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Thursday, February 3, 2022

The Resonators - Headlong (Moral Machine Records, 2021) ***

The German band, The Resonators, self describe as: “The sonic realm of Frank Gratkowski's new quartet echoes a number of styles and decades of musical changes. Always on the basis of free, energetic jazz, the four exceptional masters surf through 70s rock, noise with a dash of psychedelic. A breathtaking flight from Ornette Coleman's Prime Time to Jimi Hendrix.” This description encapsulates the diverse music to be found on this seven-track album.

The group features: Frank Gratkowski (reeds: saxophone, clarinet, flute); Sebastian Müller (guitar); Reza Askari (bass); and Thomas Sauerborn (drums).

The opening track on this May 19, 2021 release, 'It is best to dash in headlong,' is aptly titled and it is the strongest track on the album. It is a tumbling, headlong five minutes and twenty-nine seconds of unrelenting, high-energy free improvisation that elides into track two with the emergence of a sixteenth-note rock groove. In fact, tracks one through four are a single improvisation that has been cut into four individual tracks that elide into one another. This has also been done with tracks five and six.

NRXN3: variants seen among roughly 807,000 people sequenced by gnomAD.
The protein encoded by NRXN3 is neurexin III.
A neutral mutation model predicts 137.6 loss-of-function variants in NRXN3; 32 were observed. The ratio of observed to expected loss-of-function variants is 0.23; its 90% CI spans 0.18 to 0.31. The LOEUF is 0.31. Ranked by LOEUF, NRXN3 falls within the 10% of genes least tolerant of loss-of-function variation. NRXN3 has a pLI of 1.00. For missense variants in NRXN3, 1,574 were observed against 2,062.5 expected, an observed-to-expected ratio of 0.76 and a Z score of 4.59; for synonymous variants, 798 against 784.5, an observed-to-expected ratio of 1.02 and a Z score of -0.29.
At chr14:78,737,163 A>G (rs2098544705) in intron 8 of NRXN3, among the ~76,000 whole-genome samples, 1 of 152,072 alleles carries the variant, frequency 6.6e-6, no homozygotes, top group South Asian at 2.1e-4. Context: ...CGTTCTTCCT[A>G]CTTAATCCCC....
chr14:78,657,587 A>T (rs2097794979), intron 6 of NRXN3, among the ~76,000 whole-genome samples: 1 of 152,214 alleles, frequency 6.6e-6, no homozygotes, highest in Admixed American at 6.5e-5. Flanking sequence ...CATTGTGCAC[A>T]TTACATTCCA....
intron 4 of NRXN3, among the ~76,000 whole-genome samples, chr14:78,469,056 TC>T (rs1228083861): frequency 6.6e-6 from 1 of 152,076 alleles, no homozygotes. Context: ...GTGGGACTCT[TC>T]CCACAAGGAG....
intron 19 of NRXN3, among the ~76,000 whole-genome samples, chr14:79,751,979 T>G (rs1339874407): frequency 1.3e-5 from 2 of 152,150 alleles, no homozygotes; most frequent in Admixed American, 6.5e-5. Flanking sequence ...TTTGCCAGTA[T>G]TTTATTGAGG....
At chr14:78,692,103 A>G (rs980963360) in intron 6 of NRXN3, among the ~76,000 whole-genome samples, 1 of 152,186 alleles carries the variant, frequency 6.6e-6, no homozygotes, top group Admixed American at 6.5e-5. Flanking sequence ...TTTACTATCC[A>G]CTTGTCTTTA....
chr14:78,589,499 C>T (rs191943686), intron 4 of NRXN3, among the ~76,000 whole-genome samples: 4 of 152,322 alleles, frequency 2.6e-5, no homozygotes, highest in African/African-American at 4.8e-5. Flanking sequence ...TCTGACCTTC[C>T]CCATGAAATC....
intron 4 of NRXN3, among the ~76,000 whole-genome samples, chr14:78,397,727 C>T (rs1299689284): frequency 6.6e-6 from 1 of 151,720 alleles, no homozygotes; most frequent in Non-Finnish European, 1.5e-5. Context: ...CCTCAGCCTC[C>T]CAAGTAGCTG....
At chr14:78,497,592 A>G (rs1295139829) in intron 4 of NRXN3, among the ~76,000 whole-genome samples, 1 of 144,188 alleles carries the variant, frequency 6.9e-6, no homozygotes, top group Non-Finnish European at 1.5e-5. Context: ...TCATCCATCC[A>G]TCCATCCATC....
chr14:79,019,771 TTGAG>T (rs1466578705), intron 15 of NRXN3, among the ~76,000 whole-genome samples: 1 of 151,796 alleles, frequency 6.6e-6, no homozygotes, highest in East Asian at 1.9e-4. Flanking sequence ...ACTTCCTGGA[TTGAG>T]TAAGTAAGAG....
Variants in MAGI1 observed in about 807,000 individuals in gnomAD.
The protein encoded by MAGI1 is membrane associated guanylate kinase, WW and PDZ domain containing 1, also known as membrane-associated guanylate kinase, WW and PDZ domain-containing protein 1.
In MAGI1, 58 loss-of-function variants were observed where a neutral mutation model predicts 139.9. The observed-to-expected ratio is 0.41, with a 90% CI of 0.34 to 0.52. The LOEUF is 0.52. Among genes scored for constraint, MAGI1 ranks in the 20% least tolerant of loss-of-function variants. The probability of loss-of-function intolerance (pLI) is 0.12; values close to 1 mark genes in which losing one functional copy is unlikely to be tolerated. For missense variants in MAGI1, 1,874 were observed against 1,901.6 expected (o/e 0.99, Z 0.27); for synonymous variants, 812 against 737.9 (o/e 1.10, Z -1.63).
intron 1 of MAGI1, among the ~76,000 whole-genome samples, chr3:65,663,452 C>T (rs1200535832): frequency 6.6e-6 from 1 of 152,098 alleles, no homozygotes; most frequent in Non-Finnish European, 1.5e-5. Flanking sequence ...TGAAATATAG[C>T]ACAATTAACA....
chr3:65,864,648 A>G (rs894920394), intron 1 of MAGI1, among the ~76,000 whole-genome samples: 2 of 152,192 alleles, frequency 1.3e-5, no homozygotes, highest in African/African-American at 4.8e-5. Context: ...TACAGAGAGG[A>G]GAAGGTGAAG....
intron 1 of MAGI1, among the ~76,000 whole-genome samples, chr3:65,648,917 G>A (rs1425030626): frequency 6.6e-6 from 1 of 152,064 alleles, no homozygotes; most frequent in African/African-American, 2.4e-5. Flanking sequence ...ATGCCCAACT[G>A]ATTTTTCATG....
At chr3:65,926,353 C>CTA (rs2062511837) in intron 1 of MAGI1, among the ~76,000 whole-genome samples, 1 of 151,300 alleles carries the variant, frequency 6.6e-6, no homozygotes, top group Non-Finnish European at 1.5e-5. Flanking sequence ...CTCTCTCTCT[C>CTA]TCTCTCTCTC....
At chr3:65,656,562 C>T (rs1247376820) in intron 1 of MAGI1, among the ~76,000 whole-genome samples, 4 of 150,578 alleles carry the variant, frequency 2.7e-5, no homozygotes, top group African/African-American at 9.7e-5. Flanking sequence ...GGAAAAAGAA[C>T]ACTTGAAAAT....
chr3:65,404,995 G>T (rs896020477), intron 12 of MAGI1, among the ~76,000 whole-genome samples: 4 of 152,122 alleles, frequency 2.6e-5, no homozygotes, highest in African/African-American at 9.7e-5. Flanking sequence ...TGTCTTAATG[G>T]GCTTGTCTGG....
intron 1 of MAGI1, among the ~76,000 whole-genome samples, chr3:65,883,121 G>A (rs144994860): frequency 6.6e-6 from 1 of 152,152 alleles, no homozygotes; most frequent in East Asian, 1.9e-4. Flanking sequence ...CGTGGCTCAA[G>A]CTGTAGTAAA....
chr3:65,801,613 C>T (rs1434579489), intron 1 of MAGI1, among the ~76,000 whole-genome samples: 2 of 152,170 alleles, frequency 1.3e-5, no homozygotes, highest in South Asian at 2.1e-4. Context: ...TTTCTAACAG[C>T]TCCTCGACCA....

Track two, 'Subgame,' has a spacey, jam band vibe, albeit with some moments of aggressive and noisy, in-time improvising from the quartet. Track three introduces mostly textural, free improvisation until the end when the rock-influenced improvising of Sauerborn reappears and subsides to track four’s bowed bass and cymbals, flute, and electronic pads. Track four, 'Baburu Keiki,' is very nice textural, free improvisation with an expansive, orchestral or cinematic quality. In addition to track one, this is the other standout track on the album; both tracks demonstrate focused intention, albeit in strongly contrasting musical contexts.

The rock/jam band feel returns on track 5 with a heavy eighth-note drum groove and guitar riff; eventually this is stirred up into some energetic free improvisation reminiscent of track one. Ultimately this gives way to a quiet recap of track four’s cinematic character but with the constant hinting at, and emerging of, the rock/jam band influences. This recurring mix of rock/jam band elements with free improvisation is what I presume the Prime Time comparison is regarding in the group’s description.

Finally, track seven feels like a summation of all of the varied elements of the album; a kind of closing statement that summarizes the wide-ranging material at play.

This is a disparate first album from The Resonators. The album’s continuity would be the focus on improvisation through a variety of musical contexts; i.e. it has a little something for everyone that is into improvised music, but as a whole it won’t be for every listener. After multiple listens, it is difficult to grasp the album’s wide-ranging, collage-like material as a unified whole. Is it free jazz, free rock, free improvisation, or something else? That depends on the track and the moment. For those into various rock, metal, or jam band genres, and who have an adventurous ear, (maybe even some Hendrix fans?) this could be the album to introduce them to the world of creative music and free improvisation. It will be fascinating to hear what future releases from this group will present and what direction their music will take as it develops.